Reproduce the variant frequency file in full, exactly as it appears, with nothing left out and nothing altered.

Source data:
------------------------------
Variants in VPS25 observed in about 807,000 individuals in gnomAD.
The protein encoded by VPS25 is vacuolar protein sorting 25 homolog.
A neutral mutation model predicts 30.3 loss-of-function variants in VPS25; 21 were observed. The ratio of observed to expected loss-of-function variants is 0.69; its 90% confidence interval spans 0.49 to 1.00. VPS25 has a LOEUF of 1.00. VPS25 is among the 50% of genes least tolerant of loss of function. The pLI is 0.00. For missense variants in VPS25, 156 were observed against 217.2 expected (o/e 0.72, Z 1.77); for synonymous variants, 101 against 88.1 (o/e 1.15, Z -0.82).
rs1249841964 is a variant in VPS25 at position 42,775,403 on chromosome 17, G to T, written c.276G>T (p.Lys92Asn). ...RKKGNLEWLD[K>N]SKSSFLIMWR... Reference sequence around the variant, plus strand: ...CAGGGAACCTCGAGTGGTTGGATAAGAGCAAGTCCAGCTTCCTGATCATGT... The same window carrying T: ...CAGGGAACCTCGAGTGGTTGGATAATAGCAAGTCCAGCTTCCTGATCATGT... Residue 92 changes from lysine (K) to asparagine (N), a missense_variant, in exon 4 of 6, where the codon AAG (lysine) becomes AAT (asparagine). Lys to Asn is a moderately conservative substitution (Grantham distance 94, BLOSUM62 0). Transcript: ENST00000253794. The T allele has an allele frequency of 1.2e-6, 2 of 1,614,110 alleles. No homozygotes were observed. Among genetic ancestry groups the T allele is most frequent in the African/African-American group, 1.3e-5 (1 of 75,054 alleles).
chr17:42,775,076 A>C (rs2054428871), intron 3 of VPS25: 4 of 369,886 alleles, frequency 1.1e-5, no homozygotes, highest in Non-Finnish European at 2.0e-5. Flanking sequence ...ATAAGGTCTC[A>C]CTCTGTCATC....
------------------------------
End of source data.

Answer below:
Variants in VPS25 observed in about 807,000 individuals in gnomAD.
The protein encoded by VPS25 is vacuolar protein sorting 25 homolog.
A neutral mutation model predicts 30.3 loss-of-function variants in VPS25; 21 were observed. The ratio of observed to expected loss-of-function variants is 0.69; its 90% confidence interval spans 0.49 to 1.00. VPS25 has a LOEUF of 1.00. VPS25 is among the 50% of genes least tolerant of loss of function. The pLI is 0.00. For missense variants in VPS25, 156 were observed against 217.2 expected (o/e 0.72, Z 1.77); for synonymous variants, 101 against 88.1 (o/e 1.15, Z -0.82).
rs1249841964 is a variant in VPS25 at position 42,775,403 on chromosome 17, G to T, written c.276G>T (p.Lys92Asn). ...RKKGNLEWLD[K>N]SKSSFLIMWR... Reference sequence around the variant, plus strand: ...CAGGGAACCTCGAGTGGTTGGATAAGAGCAAGTCCAGCTTCCTGATCATGT... The same window carrying T: ...CAGGGAACCTCGAGTGGTTGGATAATAGCAAGTCCAGCTTCCTGATCATGT... Residue 92 changes from lysine (K) to asparagine (N), a missense_variant, in exon 4 of 6, where the codon AAG (lysine) becomes AAT (asparagine). Lys to Asn is a moderately conservative substitution (Grantham distance 94, BLOSUM62 0). Transcript: ENST00000253794. The T allele has an allele frequency of 1.2e-6, 2 of 1,614,110 alleles. No homozygotes were observed. Among genetic ancestry groups the T allele is most frequent in the African/African-American group, 1.3e-5 (1 of 75,054 alleles).
chr17:42,775,076 A>C (rs2054428871), intron 3 of VPS25: 4 of 369,886 alleles, frequency 1.1e-5, no homozygotes, highest in Non-Finnish European at 2.0e-5. Flanking sequence ...ATAAGGTCTC[A>C]CTCTGTCATC....